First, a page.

Async Techniques and Examples in Python Transcripts
Chapter: asyncio-based web frameworks
Lecture: Demo: Introducing our Flask API
0:00 Let's talk about the web app we're going to build.
0:02 It's already created as a Flask app.
0:05 It takes a while to build
0:06 and I don't want to spend all the time doing that
0:08 just diggin' into Flask. It's not a course about Flask per se.
0:12 But we're going to take a Flask app and we're going to
0:15 make it asynchronous and we're going to implement
0:17 all of the things you have to do to go
0:18 from the traditional synchronous style to asynchronous
0:21 which is going to be pretty awesome.
0:23 So I want to introduce you to it and then
0:26 we'll start programming the async transformation
0:28 it's going to go through.
0:29 So there's actually two web apps here
0:32 Cityscape API and ACityscape API.
0:35 Right now these are both the original serial version.
0:39 This one we're going to transform
0:42 into the asynchronous version.
0:44 So I'm going to leave that there for you to have as a record.
0:47 This is the one we're going to work on.
0:49 So let's just go through really quick.
0:50 Now I don't assume that you know Flask like I said but
0:54 we're not going to go into too much of the details.
0:56 You'll see enough that you'll be able to take it away
0:58 and if you learn a little bit about Flask
1:00 then you'll be able to adapt this, no problem.
1:02 Maybe the best way to introduce you to it
1:04 is to actually see it running
1:05 so let's start it real quick, open it up.
1:08 And it says we can use this API, sun/zipcode/country
1:12 is one of the APIs so let's put that in here.
1:16 So zip code, might be 97227 if you could type the 9.
1:22 And the country code would be something like US
1:25 or your country and you can put your postal code in there.
1:27 And you hit this, and what we get
1:30 see it took a second 'cause it really went out
1:32 to the Internet to another service
1:33 a couple services actually
1:35 and it figured out what sunrise and sunset
1:38 in and around Oregon is.
1:40 I don't know exactly where that is, but which
1:42 where this zipcode is but it's pretty close to me
1:44 and this looks about right.
1:46 So sunrise at 6:48 a.m., sunset 7:30 p.m.
1:50 We can also ask for the weather.
1:52 It'll give us all sorts of details back about the weather
1:55 how much cloudiness there is.
1:58 What's the humidity and pressure.
2:00 The moderate rain apparently is something happening
2:02 right there so, pretty cool.
2:05 So we can basically ask for sunrise, sunset
2:08 and we can ask for weather. That's what this API does.
2:12 Now let's see how it goes about doing it.
2:15 So this app.py, this runs when everything starts up.
2:19 This creates our Flask app so here's our Flask app.
2:22 And we've used this concept called a blueprint
2:25 a Flask blueprint, to take the sort of HTML view stuff
2:30 and put it in one file
2:31 and the API bits and put it to another file.
2:34 So it let's you separate our apps.
2:36 I really like that pattern.
2:37 And then it just goes and it sets some values
2:39 out of config files that live over here.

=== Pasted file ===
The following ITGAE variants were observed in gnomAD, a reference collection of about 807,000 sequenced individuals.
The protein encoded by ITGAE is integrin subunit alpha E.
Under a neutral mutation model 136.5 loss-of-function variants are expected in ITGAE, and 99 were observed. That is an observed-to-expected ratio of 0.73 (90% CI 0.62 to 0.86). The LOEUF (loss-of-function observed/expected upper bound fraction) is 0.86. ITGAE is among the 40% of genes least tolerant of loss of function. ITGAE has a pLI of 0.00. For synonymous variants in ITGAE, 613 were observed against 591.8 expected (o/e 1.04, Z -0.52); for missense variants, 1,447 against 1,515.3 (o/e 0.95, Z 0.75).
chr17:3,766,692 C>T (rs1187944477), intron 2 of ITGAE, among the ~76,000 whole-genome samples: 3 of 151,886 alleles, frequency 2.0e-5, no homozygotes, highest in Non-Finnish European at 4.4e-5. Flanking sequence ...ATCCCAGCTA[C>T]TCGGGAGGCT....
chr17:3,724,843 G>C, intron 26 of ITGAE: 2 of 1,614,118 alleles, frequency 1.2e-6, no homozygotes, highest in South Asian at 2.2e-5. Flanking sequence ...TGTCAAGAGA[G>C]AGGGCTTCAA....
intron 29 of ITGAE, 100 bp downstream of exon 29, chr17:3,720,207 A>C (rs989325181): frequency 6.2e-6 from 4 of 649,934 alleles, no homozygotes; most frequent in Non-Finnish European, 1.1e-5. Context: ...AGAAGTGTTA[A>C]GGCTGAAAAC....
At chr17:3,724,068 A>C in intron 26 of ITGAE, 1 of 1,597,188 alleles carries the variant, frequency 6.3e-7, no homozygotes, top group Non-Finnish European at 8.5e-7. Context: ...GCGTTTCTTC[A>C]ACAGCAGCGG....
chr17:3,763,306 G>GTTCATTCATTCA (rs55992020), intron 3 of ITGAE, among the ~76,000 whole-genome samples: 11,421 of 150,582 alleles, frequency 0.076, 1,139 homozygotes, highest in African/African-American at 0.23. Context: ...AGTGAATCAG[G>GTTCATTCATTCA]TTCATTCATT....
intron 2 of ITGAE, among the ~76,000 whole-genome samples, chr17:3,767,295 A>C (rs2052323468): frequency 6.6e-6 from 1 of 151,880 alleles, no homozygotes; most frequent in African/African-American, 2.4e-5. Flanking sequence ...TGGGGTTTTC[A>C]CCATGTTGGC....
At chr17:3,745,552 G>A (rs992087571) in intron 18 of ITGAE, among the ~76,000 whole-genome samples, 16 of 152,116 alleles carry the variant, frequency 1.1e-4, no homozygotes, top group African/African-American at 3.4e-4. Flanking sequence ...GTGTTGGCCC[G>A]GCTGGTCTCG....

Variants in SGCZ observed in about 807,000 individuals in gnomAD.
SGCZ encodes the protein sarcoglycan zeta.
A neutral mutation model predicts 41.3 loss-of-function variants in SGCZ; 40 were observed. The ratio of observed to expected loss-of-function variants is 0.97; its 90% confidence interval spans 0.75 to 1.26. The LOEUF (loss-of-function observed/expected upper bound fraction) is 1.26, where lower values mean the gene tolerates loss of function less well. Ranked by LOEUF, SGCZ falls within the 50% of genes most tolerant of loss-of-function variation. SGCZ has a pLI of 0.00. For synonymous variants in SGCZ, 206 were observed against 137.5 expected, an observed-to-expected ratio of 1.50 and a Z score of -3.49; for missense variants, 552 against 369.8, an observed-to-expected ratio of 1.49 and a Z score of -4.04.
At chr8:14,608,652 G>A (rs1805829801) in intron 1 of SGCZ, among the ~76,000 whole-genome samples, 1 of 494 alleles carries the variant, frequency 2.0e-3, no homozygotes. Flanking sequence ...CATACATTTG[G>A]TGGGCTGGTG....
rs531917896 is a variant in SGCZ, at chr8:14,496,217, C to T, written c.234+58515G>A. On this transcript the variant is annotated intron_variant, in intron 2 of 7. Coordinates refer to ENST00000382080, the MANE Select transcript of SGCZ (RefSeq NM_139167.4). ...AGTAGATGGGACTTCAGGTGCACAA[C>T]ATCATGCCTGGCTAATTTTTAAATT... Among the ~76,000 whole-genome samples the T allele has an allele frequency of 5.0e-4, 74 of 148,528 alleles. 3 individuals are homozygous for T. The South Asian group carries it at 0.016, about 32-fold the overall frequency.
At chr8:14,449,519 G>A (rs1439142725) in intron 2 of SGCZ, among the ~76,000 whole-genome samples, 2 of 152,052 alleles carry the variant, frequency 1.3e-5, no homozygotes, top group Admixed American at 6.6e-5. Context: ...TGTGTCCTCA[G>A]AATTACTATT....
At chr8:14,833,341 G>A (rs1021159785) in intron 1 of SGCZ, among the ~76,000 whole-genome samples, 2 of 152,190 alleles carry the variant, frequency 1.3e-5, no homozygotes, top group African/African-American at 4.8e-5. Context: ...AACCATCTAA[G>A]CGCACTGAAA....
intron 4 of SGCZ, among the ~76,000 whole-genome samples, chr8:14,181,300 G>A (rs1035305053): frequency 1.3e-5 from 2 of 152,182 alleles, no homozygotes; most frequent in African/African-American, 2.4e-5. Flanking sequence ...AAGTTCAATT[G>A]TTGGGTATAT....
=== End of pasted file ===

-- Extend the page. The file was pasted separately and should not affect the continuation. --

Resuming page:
2:43 Then it calls run.
2:44 So that's pretty straightforward.
2:45 Let's just look at the API bit over here.
2:48 So for example let's look at the sun
2:50 it's more complicated.
2:51 So you give in a zipcode and the country as strings
2:55 and we have to call this function
2:56 to actually get the latitude and longitude.
2:59 That is actually what's required
3:01 for the sun_service that we use say
3:02 given any spot on the globe
3:04 what is the sunrise, sunset information?
3:07 So these services right here this one, and this one
3:13 those are implemented over in the service section
3:16 so we have the location_service for example.
3:18 Sun_service for example.
3:22 So I'm going to hide away this cached data
3:24 'cause we're not using it right now.
3:25 This is only if you want to do performance testing
3:27 we'll talk about that later.
3:29 So we're going to go in and we're going to use requests
3:31 we're going to go and just get a call
3:33 and we're just going to do some json parsing here.
3:35 And then we have to convert from UTC to local time
3:38 just so things make sense to you
3:40 in that location when you look at it okay?
3:45 So this is it.
3:47 How are we going to add asynchronous into this?
3:49 Well this function right here
3:53 could be async theoretically, except for
3:56 well see, Flask does not support any async capabilities
4:00 whatsoever, at all.
4:03 We'll talk more about that in a moment.
4:05 There's actually an interesting piece of the documentation
4:07 and some interesting news around that as well
4:09 and depending when you watch this
4:11 that may or may not be still true
4:13 but Fall 2018 Flask definitely does not support
4:16 any form of async. So we're going to somehow find a way
4:19 to make this function async
4:21 and then we'll be able to implement that
4:23 in aiohttp client style
4:25 as we did before, same for this.
4:27 And then we can await those and instead of having
4:29 this method just block while we're talkin' to that service
4:31 block while we're talkin' to that service
4:33 both of those times, when they're blocked
4:36 will let other requests come in
4:38 and maybe process the weather request.
4:39 Or a different send request, things like that.
4:42 This is our app that we're going to start working with
4:44 and this is the app we're going to use for our demo.
4:46 Like I said this one is hangin' around for you
4:49 to just have as a record.
4:51 This one right now is synchronous
4:53 but it's going to be converted to
4:55 an async enabled, Flask-like, Flask-based API
4:59 but it won't actually be a Flask.